OhioSeis Network must determine basic earthquake parameters:
- Hypocenter parameters: Epicenter, depth, and origin time (Depends on regional velocity structure).
- Magnitude: requires reliable wave amplitudes and correction factors
Then, we can study enhanced characteristics such as Focal Mechanisms and Quarry Blast discrimination, and so on.
Focus on Magnitude
Basic definition of magnitude
In the central and eastern North America, Lg becomes the dominant phase
What is Lg?
Lg is a complex surface waves that grows from the Sg phase.
What does Lg look like?
A distinct high-amplitude phase with U=3.5 km/sec, easily seen at distances of hundreds of km from earthquakes with M>5.
What do Ohio Earthquakes look like at regional distances?
We see an unusual regionally coherent "local Lg" wave with U<2.0 km/sec that is a distinct large wave at even small distances.
So what should we do to calculate the Ohio earthquakes magnitude?
We must find a consistent wave arrival and procedure (see below). Meanwhile, we are using the "LLg" wave and Hermann and Kijko (1983) formula.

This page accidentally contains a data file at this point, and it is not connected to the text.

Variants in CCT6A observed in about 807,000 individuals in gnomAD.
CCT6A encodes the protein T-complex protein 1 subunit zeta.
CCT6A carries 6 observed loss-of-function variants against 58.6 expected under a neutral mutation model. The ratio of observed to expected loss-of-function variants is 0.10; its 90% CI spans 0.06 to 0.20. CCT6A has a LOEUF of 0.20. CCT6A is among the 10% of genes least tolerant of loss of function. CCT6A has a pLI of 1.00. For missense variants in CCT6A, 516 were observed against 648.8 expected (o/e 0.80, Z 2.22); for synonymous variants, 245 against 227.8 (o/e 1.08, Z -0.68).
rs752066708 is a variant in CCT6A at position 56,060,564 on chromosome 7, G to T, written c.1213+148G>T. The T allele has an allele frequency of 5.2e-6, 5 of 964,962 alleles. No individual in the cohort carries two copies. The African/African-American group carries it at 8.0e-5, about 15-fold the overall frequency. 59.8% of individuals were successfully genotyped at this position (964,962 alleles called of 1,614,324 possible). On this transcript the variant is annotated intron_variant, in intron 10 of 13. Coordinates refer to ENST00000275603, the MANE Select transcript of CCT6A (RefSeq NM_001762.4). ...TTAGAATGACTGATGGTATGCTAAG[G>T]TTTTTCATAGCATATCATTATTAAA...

Amplitude Study of recent
Ohio and Michigan earthquakes
Goal: To find the best combination of a large amplitude wave that is also regionally consistent so that a reliable magnitude can be assigned to local earthquakes — large and small.
Issues involved in practical aspects of wave amplitude and magnitude
- Amplitudes in frequency domain
- Anti-aliasing filter
- Use wave amplitudes at Nyquist frequency?
Manipulation of the MN formula suitable for broad-band velocity instruments
The 2001.01.26 Ashtabula OH earthquake
The 2000.08.07 Alliance OH earthquake
The 2001.10.23 Calhoun Co. MI earthquake
Conclusions and Recommendations
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